Counsellor Sewon Kim, Korean Embassy to AustraliaLucy Marshall (First Secretary, Australian Embassy in Seoul)

Room watching Liz Griffin presentx

This conference was held over two days, featuring 9 sessions, 3 panels, a keynote speech each day. In the first keynote presentation – and first presentation of the conference – Sophie Hee Jung Choi (NSW School of Languages; President of Korean Language Teachers Association NSW) presented on the history and future of Korean language education in the Australian pre-tertiary school context. Her presentation was a fitting opening, eloquently demonstrating a picture of hard work and persistence in overcoming challenges faced in the Korean language education space in Australia.

Sessions covered a broad range of topics related to Korean politics, economy, history, language and culture both within the Korean peninsula and abroad (Politics and North Korea, Political science, Modern Korean history, South Korean society, Business and Economics, Premodern historical connections, Migration, Korean language and culture in Australasia, and Korean popular culture goes global). Each session, consisting of three to four presentations followed by question time, gave participants a unique snapshot into some of the latest research being conducted each space.

Various speakers presenting their research

The three panels (Korean heritage language education, research and roles of ‘actors’, The next 60 years of Australia-ROK relations: Imagining spaces of further collaboration, and Charting new waves: Exploring the possibilities of Auckland, New Zealand as a site for Korean studies scholarship) gave interesting and diverse perspectives on these important and upcoming issues.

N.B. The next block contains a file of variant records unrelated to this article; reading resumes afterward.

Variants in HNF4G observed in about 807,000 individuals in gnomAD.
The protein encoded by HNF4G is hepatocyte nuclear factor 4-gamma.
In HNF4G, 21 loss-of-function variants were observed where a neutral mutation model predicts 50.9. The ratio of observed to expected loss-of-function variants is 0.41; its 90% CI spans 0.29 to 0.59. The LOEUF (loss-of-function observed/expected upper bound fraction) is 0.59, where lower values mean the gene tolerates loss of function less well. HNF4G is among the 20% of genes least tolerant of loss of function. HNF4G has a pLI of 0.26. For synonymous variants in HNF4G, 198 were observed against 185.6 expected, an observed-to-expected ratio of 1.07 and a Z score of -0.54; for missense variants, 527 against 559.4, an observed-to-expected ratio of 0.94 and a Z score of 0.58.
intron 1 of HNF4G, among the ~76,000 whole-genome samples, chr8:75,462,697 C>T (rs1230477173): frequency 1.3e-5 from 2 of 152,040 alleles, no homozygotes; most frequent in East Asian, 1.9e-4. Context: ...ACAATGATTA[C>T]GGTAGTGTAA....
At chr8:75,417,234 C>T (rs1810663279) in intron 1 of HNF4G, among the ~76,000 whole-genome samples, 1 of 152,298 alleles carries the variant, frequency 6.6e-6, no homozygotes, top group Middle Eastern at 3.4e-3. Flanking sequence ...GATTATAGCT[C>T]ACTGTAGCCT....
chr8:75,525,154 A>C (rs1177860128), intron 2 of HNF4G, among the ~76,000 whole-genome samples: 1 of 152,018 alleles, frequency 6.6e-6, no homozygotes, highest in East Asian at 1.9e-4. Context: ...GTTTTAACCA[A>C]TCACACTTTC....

Jo Elfving-Hwang presenting remoteDaniel May

Adjunct Professor Kenneth Wells (The University of Canterbury) presented the second and final keynote, discussing An Axis of Understanding: The Australasian Academic Engagement with Korea. His engaging presentation reminded participants of the progress that has been made in the academic studies of Korea over the past few decades, and laid out challenges and hopes for the future.

Each evening of the main conference featured a cultural aspect after the day’s presentations had concluded: the first evening featuring a Traditional Korean Musical Performance (문화 패 소리) and the second dinner of fusion Korean cuisine.

Traditional Music Performance

Post conference tour

Following the conclusion of official conference proceedings, MUKSRH hosted a post-conference tour to Phillip Island and Churchill Island. Participants were invited to spend the day relaxing with their colleagues, first taking an historical walking tour of Churchill Island followed by lunch at the island’s local restaurant. The tour then moved to Phillip Island, where participants relaxed at the beach and local pubs before heading back to Melbourne. The post conference tour was an excellent opportunity for conference members to spend time together in an informal space, building collaborations and relationships.

Phillip island tour sceneryThis conference was supported by the 2021 Korean Studies Grant Program of the Academy of Korean Studies (AKS-2021-C-013).